Echovirus

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Related to Echovirus 9: Echovirus 11

echovirus

[′ek·ō‚vī·rəs]
(virology)
Any member of the Picornaviridae family, genus Enterovirus; the name is derived from the group designation enteric cytopathogenic human orphan virus.

Echovirus

 

(acronym for enteric cytopathogenic human orphan virus), a minute virus containing one strand of RNA and lacking an outer protein layer. An orphan virus is a virus detected under laboratory conditions but not associated with any known disease. However, it has been found that this is not true of echovirus. Echovirus belongs to the genus Enterovirus of the family Picornavirus. Many of the more than 30 serotypes live in the human intestine without causing any symptoms of disease. Some, however, are the causative agents of aseptic meningitis, gastroenteritis, and respiratory diseases.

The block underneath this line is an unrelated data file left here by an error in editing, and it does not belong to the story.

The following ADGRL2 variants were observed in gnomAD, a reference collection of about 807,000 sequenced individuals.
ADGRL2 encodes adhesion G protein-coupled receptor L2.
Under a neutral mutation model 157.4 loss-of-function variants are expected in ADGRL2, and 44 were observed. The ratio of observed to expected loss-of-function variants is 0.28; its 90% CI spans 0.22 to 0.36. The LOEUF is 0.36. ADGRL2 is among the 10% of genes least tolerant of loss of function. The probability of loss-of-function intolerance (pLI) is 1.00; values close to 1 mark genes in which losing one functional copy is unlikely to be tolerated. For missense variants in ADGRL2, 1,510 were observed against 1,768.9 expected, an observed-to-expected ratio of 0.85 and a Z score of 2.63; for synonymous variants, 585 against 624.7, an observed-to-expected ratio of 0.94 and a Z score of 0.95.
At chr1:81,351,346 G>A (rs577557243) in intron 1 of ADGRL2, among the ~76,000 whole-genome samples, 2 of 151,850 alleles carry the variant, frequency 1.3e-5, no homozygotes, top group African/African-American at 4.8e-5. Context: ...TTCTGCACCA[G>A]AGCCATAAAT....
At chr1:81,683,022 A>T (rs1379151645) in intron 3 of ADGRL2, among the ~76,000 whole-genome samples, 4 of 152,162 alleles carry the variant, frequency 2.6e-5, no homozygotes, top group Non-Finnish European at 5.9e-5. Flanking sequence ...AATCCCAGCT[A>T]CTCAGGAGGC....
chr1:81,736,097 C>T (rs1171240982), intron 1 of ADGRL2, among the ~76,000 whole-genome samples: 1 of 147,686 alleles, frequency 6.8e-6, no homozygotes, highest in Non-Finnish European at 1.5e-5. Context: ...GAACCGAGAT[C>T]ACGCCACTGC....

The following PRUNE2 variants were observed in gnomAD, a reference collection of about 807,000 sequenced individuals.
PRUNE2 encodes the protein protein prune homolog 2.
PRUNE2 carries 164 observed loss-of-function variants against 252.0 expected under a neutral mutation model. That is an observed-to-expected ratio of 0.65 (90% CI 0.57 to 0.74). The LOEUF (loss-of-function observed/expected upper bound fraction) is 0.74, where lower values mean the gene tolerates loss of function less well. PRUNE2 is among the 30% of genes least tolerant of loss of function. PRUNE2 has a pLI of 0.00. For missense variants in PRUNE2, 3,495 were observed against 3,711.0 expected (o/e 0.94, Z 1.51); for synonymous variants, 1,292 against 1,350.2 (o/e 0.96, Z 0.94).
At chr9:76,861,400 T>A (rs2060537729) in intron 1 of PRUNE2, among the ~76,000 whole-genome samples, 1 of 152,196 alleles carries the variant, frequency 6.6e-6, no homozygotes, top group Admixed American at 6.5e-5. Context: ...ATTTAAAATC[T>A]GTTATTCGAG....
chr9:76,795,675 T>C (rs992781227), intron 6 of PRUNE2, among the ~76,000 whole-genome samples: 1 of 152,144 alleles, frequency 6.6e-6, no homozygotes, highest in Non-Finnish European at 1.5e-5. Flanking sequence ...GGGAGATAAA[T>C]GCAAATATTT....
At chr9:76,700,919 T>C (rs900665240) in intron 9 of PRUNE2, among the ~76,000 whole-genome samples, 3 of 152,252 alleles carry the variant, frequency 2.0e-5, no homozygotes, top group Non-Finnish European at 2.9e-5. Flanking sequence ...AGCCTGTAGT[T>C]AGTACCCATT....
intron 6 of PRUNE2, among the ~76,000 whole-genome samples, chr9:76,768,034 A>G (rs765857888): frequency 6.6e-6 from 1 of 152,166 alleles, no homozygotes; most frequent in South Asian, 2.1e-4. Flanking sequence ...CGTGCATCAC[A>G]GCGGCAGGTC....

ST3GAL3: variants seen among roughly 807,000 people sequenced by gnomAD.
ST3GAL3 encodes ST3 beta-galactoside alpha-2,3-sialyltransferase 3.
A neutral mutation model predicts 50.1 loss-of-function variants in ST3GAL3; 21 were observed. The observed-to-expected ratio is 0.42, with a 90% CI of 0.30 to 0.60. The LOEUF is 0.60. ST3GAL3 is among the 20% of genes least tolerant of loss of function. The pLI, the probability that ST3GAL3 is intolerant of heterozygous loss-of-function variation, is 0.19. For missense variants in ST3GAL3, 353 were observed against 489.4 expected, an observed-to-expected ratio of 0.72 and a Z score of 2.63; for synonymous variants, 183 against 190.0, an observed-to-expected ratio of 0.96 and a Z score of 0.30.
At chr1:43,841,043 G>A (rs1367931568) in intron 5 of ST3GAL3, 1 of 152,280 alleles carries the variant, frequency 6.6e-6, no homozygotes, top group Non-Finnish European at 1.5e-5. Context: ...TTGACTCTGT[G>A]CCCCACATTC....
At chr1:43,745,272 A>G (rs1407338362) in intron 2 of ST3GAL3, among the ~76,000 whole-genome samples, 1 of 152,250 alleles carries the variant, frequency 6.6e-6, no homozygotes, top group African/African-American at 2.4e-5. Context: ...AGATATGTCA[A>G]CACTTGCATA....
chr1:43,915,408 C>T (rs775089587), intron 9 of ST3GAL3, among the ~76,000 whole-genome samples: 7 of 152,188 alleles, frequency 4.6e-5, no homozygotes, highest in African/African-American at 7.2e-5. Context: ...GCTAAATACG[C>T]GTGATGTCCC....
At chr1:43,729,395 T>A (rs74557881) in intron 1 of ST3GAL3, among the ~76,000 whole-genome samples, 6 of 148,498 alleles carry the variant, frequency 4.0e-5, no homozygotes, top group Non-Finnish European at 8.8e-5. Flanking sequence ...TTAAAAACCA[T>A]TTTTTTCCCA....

References in periodicals archive ?
During 2006-2008, the five most frequently detected enteroviruses were coxsackievirus B1 (CVB1), echovirus 6, echovirus 9, echovirus 18, and coxsackievirus A9; these accounted for 54% of total known serotyped detections during that period.
Before 2002, echovirus 9 had not been the predominant enterovirus since 1995, when it accounted for 45.
Echovirus 9 was the predominate enterovirus serotype circulating in the eastern United States during 2003 (4) and was identified as the likely etiologic agent in this outbreak.
From 1972 to 1999, seven meningitis outbreaks caused by an enterovirus occurred: echovirus 4 (1972 and 1985-86), coxsackievirus B5 (1976 and 1995), coxsackievirus A9 (1990-1991), echovirus 30 (1994), and echovirus 9 (1999).